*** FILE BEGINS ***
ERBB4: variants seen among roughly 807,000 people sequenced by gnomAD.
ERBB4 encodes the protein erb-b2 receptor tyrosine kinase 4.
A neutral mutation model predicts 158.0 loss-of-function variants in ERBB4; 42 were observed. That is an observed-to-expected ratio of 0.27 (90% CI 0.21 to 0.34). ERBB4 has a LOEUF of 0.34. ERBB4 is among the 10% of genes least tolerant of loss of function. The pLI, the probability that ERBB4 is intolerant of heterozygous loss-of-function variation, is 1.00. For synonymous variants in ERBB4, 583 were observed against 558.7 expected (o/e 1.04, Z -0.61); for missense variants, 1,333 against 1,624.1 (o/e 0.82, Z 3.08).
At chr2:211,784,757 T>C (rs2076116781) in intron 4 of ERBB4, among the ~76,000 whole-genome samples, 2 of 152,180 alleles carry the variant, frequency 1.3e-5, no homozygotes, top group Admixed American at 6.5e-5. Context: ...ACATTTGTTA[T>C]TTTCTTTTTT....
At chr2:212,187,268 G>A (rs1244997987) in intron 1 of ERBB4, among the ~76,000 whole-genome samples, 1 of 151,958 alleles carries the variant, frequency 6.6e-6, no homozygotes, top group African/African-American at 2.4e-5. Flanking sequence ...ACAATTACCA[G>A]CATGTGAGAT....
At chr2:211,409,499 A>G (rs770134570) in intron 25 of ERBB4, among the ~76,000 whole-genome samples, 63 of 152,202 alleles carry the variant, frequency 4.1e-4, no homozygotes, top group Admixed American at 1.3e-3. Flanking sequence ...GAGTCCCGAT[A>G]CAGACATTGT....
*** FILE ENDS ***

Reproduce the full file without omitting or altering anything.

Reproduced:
ERBB4: variants seen among roughly 807,000 people sequenced by gnomAD.
ERBB4 encodes the protein erb-b2 receptor tyrosine kinase 4.
A neutral mutation model predicts 158.0 loss-of-function variants in ERBB4; 42 were observed. That is an observed-to-expected ratio of 0.27 (90% CI 0.21 to 0.34). ERBB4 has a LOEUF of 0.34. ERBB4 is among the 10% of genes least tolerant of loss of function. The pLI, the probability that ERBB4 is intolerant of heterozygous loss-of-function variation, is 1.00. For synonymous variants in ERBB4, 583 were observed against 558.7 expected (o/e 1.04, Z -0.61); for missense variants, 1,333 against 1,624.1 (o/e 0.82, Z 3.08).
At chr2:211,784,757 T>C (rs2076116781) in intron 4 of ERBB4, among the ~76,000 whole-genome samples, 2 of 152,180 alleles carry the variant, frequency 1.3e-5, no homozygotes, top group Admixed American at 6.5e-5. Context: ...ACATTTGTTA[T>C]TTTCTTTTTT....
At chr2:212,187,268 G>A (rs1244997987) in intron 1 of ERBB4, among the ~76,000 whole-genome samples, 1 of 151,958 alleles carries the variant, frequency 6.6e-6, no homozygotes, top group African/African-American at 2.4e-5. Flanking sequence ...ACAATTACCA[G>A]CATGTGAGAT....
At chr2:211,409,499 A>G (rs770134570) in intron 25 of ERBB4, among the ~76,000 whole-genome samples, 63 of 152,202 alleles carry the variant, frequency 4.1e-4, no homozygotes, top group Admixed American at 1.3e-3. Flanking sequence ...GAGTCCCGAT[A>G]CAGACATTGT....